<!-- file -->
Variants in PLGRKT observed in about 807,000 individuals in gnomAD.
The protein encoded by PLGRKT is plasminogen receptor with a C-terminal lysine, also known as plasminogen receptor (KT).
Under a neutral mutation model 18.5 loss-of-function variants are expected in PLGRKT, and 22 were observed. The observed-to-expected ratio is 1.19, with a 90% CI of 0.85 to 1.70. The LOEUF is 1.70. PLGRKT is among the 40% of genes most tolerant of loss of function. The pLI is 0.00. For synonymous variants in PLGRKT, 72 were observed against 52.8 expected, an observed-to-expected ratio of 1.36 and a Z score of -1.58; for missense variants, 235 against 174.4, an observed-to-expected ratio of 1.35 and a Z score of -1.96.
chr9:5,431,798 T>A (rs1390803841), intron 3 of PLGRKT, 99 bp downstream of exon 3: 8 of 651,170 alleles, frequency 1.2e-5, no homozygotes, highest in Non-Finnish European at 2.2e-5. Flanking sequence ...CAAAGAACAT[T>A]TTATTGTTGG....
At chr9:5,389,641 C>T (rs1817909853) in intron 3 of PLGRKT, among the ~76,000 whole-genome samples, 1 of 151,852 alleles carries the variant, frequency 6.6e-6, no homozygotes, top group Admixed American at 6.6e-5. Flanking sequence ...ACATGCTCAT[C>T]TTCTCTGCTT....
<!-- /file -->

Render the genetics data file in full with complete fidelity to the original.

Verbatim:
Variants in PLGRKT observed in about 807,000 individuals in gnomAD.
The protein encoded by PLGRKT is plasminogen receptor with a C-terminal lysine, also known as plasminogen receptor (KT).
Under a neutral mutation model 18.5 loss-of-function variants are expected in PLGRKT, and 22 were observed. The observed-to-expected ratio is 1.19, with a 90% CI of 0.85 to 1.70. The LOEUF is 1.70. PLGRKT is among the 40% of genes most tolerant of loss of function. The pLI is 0.00. For synonymous variants in PLGRKT, 72 were observed against 52.8 expected, an observed-to-expected ratio of 1.36 and a Z score of -1.58; for missense variants, 235 against 174.4, an observed-to-expected ratio of 1.35 and a Z score of -1.96.
chr9:5,431,798 T>A (rs1390803841), intron 3 of PLGRKT, 99 bp downstream of exon 3: 8 of 651,170 alleles, frequency 1.2e-5, no homozygotes, highest in Non-Finnish European at 2.2e-5. Flanking sequence ...CAAAGAACAT[T>A]TTATTGTTGG....
At chr9:5,389,641 C>T (rs1817909853) in intron 3 of PLGRKT, among the ~76,000 whole-genome samples, 1 of 151,852 alleles carries the variant, frequency 6.6e-6, no homozygotes, top group Admixed American at 6.6e-5. Flanking sequence ...ACATGCTCAT[C>T]TTCTCTGCTT....